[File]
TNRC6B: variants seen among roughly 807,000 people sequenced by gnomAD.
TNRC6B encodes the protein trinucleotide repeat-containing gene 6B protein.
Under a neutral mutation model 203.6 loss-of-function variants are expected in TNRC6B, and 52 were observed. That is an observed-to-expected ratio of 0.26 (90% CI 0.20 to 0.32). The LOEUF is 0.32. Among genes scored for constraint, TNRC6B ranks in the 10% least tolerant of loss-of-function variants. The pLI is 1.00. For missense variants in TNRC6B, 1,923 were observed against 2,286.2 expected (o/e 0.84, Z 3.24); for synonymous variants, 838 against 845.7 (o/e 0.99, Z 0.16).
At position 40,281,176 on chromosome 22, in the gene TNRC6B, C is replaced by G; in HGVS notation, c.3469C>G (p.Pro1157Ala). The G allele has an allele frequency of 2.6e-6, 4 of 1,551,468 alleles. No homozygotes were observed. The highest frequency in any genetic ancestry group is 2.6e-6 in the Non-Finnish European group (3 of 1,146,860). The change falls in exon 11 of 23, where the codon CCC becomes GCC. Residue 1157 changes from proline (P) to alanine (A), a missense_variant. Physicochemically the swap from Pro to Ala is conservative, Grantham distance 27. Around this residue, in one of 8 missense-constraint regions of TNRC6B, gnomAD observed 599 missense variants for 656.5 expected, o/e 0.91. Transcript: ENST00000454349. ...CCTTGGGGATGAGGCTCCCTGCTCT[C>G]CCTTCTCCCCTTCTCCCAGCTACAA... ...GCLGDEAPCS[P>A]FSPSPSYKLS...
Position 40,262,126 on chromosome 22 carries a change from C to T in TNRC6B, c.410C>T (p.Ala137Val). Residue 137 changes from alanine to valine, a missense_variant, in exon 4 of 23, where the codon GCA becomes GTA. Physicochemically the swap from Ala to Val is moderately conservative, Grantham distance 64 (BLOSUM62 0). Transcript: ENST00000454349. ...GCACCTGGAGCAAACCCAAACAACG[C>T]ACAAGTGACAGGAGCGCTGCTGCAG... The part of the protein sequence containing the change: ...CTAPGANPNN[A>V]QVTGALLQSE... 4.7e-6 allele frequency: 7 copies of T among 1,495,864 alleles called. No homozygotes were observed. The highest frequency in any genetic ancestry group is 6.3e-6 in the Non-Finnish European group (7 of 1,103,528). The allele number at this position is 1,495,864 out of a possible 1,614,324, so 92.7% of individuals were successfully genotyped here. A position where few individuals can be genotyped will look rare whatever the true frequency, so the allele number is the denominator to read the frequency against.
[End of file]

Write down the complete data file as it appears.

TNRC6B: variants seen among roughly 807,000 people sequenced by gnomAD.
TNRC6B encodes the protein trinucleotide repeat-containing gene 6B protein.
Under a neutral mutation model 203.6 loss-of-function variants are expected in TNRC6B, and 52 were observed. That is an observed-to-expected ratio of 0.26 (90% CI 0.20 to 0.32). The LOEUF is 0.32. Among genes scored for constraint, TNRC6B ranks in the 10% least tolerant of loss-of-function variants. The pLI is 1.00. For missense variants in TNRC6B, 1,923 were observed against 2,286.2 expected (o/e 0.84, Z 3.24); for synonymous variants, 838 against 845.7 (o/e 0.99, Z 0.16).
At position 40,281,176 on chromosome 22, in the gene TNRC6B, C is replaced by G; in HGVS notation, c.3469C>G (p.Pro1157Ala). The G allele has an allele frequency of 2.6e-6, 4 of 1,551,468 alleles. No homozygotes were observed. The highest frequency in any genetic ancestry group is 2.6e-6 in the Non-Finnish European group (3 of 1,146,860). The change falls in exon 11 of 23, where the codon CCC becomes GCC. Residue 1157 changes from proline (P) to alanine (A), a missense_variant. Physicochemically the swap from Pro to Ala is conservative, Grantham distance 27. Around this residue, in one of 8 missense-constraint regions of TNRC6B, gnomAD observed 599 missense variants for 656.5 expected, o/e 0.91. Transcript: ENST00000454349. ...CCTTGGGGATGAGGCTCCCTGCTCT[C>G]CCTTCTCCCCTTCTCCCAGCTACAA... ...GCLGDEAPCS[P>A]FSPSPSYKLS...
Position 40,262,126 on chromosome 22 carries a change from C to T in TNRC6B, c.410C>T (p.Ala137Val). Residue 137 changes from alanine to valine, a missense_variant, in exon 4 of 23, where the codon GCA becomes GTA. Physicochemically the swap from Ala to Val is moderately conservative, Grantham distance 64 (BLOSUM62 0). Transcript: ENST00000454349. ...GCACCTGGAGCAAACCCAAACAACG[C>T]ACAAGTGACAGGAGCGCTGCTGCAG... The part of the protein sequence containing the change: ...CTAPGANPNN[A>V]QVTGALLQSE... 4.7e-6 allele frequency: 7 copies of T among 1,495,864 alleles called. No homozygotes were observed. The highest frequency in any genetic ancestry group is 6.3e-6 in the Non-Finnish European group (7 of 1,103,528). The allele number at this position is 1,495,864 out of a possible 1,614,324, so 92.7% of individuals were successfully genotyped here. A position where few individuals can be genotyped will look rare whatever the true frequency, so the allele number is the denominator to read the frequency against.